Rubes by Leigh Rubin

Rubes

Comments (10) (Please sign in to comment)

  1. cdward

    cdward said, over 1 year ago

    That was a unicorny joke.

  2. grahambhg

    grahambhg said, over 1 year ago

    Cloud Cuckoo Land, and directly related to Uni-Kitty.

  3. Digital Frog

    Digital Frog GoComics PRO Member said, over 1 year ago

  4. markjoseph125

    markjoseph125 GoComics PRO Member said, over 1 year ago

    Funny comic!

    But, you’re going to have the fighting fundies on your case; after all, the bible attests to the reality of unicorns in Numbers 23:22, 24:8; Deuteronomy 33:17, Job 39:9, 10; Psalms 22:21, 29:6, 92:10; Isaiah 34:7
    Of course, someone will then say that this is a bad translation, and it should be “narwhal” or “rhinoceros” or “oryx”, but then you’ll get a fight between the more fundy KJV-only crowd, and the less fundy “I like my fairy tales, but not too ridiculous” crowd.

  5. Bargrove

    Bargrove said, over 1 year ago

    Fantasy? In horny land?

  6. Karaboo2

    Karaboo2 said, over 1 year ago

    What? You expect him to be a slowpoke?

  7. bg_21

    bg_21 said, over 1 year ago

    Is that Sgt. Slaughter?!?

  8. Michael wme

    Michael wme said, over 1 year ago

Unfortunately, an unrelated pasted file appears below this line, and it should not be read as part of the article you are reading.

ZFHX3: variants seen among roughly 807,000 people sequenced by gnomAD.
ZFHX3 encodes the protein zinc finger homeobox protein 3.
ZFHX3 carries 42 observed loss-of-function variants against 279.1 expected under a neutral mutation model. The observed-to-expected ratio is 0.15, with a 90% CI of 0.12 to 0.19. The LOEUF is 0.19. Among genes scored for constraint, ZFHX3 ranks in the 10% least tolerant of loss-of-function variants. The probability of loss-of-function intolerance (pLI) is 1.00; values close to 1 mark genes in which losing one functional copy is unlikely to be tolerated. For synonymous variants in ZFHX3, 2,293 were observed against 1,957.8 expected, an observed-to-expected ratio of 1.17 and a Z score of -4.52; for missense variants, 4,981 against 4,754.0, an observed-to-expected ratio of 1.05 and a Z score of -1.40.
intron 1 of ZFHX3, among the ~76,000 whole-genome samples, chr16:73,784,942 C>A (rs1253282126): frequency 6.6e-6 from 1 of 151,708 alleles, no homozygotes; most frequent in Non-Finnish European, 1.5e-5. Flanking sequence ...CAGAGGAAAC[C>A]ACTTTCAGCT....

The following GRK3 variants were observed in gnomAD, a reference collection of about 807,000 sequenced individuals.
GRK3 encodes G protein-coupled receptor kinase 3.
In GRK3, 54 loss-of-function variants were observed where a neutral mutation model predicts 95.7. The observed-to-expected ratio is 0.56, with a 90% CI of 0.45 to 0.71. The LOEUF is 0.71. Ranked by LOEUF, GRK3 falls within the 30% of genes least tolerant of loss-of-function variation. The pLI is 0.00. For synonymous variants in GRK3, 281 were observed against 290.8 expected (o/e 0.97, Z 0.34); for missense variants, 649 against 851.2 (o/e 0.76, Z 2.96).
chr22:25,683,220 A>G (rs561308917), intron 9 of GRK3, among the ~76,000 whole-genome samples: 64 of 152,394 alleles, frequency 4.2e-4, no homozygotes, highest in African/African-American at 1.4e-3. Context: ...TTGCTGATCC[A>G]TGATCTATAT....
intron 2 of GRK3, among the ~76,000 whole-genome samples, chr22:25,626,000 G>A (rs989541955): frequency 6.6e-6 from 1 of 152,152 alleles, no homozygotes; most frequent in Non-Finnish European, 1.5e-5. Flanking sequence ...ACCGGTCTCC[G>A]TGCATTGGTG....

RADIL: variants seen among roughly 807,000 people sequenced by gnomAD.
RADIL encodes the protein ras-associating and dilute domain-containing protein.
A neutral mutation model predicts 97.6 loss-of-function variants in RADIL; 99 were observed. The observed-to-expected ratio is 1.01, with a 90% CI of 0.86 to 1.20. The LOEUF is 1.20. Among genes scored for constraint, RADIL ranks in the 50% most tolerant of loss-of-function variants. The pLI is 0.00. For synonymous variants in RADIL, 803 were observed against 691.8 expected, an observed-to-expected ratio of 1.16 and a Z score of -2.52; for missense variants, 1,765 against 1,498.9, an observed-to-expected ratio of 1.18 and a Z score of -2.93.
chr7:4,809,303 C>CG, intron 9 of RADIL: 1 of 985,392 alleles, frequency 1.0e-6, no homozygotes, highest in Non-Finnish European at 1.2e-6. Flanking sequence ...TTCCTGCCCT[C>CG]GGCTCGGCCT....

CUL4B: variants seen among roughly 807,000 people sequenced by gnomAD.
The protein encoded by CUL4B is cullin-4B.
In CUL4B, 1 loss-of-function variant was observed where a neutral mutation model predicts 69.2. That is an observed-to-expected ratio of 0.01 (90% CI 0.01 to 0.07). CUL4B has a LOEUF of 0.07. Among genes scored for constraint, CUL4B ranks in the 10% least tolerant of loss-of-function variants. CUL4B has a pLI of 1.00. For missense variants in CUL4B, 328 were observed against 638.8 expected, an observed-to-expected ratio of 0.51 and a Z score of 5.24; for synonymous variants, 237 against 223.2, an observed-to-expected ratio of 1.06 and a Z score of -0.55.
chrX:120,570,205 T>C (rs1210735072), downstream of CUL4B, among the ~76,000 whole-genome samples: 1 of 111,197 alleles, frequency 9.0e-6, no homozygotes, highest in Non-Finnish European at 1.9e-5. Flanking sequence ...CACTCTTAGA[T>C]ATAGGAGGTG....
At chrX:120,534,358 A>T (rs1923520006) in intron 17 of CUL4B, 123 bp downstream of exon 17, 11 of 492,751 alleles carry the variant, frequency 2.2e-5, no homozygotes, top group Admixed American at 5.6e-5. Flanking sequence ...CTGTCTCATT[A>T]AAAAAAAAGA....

@markjoseph125

    The New King James, the Revised, and most of the newer translation all translate the word as ‘wild ox.’ For 1500 years, the Western Church used the Latin Bible, and it says "rinocerotis, which may be translated as unicorn or rhino (your choice).


    The early Christians (and the first Englishmen to translate the Bible into English) used the Greek LXX Old Testament, NOT the Hebrew (which they could not understand) and the LXX states that the creature was a ‘μονοκέρωτος’, which clearly has just one meaning, ‘unicorn.’ (The early Christians as well as the translator of the Authorised King James Version believed the LXX was a more reliable version of the Old Testament than the Hebrew; besides, the earliest Christians spoke two languages, their mother tongue and Greek, and neither of those were Hebrew or Aramaic).


    Of course, if one goes back to the Hebrew, the word is reem, and a reem looks like this:

  9. Chris Sherlock

    Chris Sherlock said, over 1 year ago

    He was running late for an appearance in “Heavenly Nostrils.”

  10. pinkx

    pinkx said, over 1 year ago

    I’ll bet he’s high on myth.

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